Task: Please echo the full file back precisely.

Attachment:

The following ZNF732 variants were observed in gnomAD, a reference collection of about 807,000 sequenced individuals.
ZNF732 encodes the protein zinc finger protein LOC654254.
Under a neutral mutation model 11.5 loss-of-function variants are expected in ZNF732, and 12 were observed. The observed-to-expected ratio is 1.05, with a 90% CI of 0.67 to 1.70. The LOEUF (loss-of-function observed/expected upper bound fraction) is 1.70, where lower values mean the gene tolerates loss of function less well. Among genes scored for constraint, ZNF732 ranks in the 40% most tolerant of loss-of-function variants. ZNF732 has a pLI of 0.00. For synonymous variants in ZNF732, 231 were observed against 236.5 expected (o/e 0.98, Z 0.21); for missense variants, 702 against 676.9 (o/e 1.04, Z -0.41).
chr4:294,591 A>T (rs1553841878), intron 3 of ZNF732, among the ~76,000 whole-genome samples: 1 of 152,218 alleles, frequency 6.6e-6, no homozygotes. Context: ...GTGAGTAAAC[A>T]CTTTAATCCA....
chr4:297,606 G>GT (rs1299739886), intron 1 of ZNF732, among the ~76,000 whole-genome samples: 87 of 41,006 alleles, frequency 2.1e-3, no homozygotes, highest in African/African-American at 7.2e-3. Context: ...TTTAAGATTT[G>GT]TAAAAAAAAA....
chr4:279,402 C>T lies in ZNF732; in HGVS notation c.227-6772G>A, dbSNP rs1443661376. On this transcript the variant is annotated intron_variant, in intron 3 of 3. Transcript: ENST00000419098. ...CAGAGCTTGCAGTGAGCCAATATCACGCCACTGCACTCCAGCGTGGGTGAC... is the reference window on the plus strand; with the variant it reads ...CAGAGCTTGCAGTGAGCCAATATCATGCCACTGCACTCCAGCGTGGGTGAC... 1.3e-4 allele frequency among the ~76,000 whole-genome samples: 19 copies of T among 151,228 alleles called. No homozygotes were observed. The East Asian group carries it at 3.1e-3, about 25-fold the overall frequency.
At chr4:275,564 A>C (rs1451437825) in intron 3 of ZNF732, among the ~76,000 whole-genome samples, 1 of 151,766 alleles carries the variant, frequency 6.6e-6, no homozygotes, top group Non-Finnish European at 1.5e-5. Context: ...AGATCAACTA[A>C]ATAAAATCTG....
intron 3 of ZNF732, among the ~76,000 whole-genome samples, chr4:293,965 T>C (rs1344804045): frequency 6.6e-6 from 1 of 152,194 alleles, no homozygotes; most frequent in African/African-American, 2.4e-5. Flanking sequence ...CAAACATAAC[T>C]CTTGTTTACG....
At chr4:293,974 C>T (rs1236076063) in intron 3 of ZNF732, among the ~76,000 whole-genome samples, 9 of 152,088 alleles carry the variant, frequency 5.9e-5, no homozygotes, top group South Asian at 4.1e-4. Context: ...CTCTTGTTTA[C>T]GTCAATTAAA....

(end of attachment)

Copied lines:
The following ZNF732 variants were observed in gnomAD, a reference collection of about 807,000 sequenced individuals.
ZNF732 encodes the protein zinc finger protein LOC654254.
Under a neutral mutation model 11.5 loss-of-function variants are expected in ZNF732, and 12 were observed. The observed-to-expected ratio is 1.05, with a 90% CI of 0.67 to 1.70. The LOEUF (loss-of-function observed/expected upper bound fraction) is 1.70, where lower values mean the gene tolerates loss of function less well. Among genes scored for constraint, ZNF732 ranks in the 40% most tolerant of loss-of-function variants. ZNF732 has a pLI of 0.00. For synonymous variants in ZNF732, 231 were observed against 236.5 expected (o/e 0.98, Z 0.21); for missense variants, 702 against 676.9 (o/e 1.04, Z -0.41).
chr4:294,591 A>T (rs1553841878), intron 3 of ZNF732, among the ~76,000 whole-genome samples: 1 of 152,218 alleles, frequency 6.6e-6, no homozygotes. Context: ...GTGAGTAAAC[A>T]CTTTAATCCA....
chr4:297,606 G>GT (rs1299739886), intron 1 of ZNF732, among the ~76,000 whole-genome samples: 87 of 41,006 alleles, frequency 2.1e-3, no homozygotes, highest in African/African-American at 7.2e-3. Context: ...TTTAAGATTT[G>GT]TAAAAAAAAA....
chr4:279,402 C>T lies in ZNF732; in HGVS notation c.227-6772G>A, dbSNP rs1443661376. On this transcript the variant is annotated intron_variant, in intron 3 of 3. Transcript: ENST00000419098. ...CAGAGCTTGCAGTGAGCCAATATCACGCCACTGCACTCCAGCGTGGGTGAC... is the reference window on the plus strand; with the variant it reads ...CAGAGCTTGCAGTGAGCCAATATCATGCCACTGCACTCCAGCGTGGGTGAC... 1.3e-4 allele frequency among the ~76,000 whole-genome samples: 19 copies of T among 151,228 alleles called. No homozygotes were observed. The East Asian group carries it at 3.1e-3, about 25-fold the overall frequency.
At chr4:275,564 A>C (rs1451437825) in intron 3 of ZNF732, among the ~76,000 whole-genome samples, 1 of 151,766 alleles carries the variant, frequency 6.6e-6, no homozygotes, top group Non-Finnish European at 1.5e-5. Context: ...AGATCAACTA[A>C]ATAAAATCTG....
intron 3 of ZNF732, among the ~76,000 whole-genome samples, chr4:293,965 T>C (rs1344804045): frequency 6.6e-6 from 1 of 152,194 alleles, no homozygotes; most frequent in African/African-American, 2.4e-5. Flanking sequence ...CAAACATAAC[T>C]CTTGTTTACG....
At chr4:293,974 C>T (rs1236076063) in intron 3 of ZNF732, among the ~76,000 whole-genome samples, 9 of 152,088 alleles carry the variant, frequency 5.9e-5, no homozygotes, top group South Asian at 4.1e-4. Context: ...CTCTTGTTTA[C>T]GTCAATTAAA....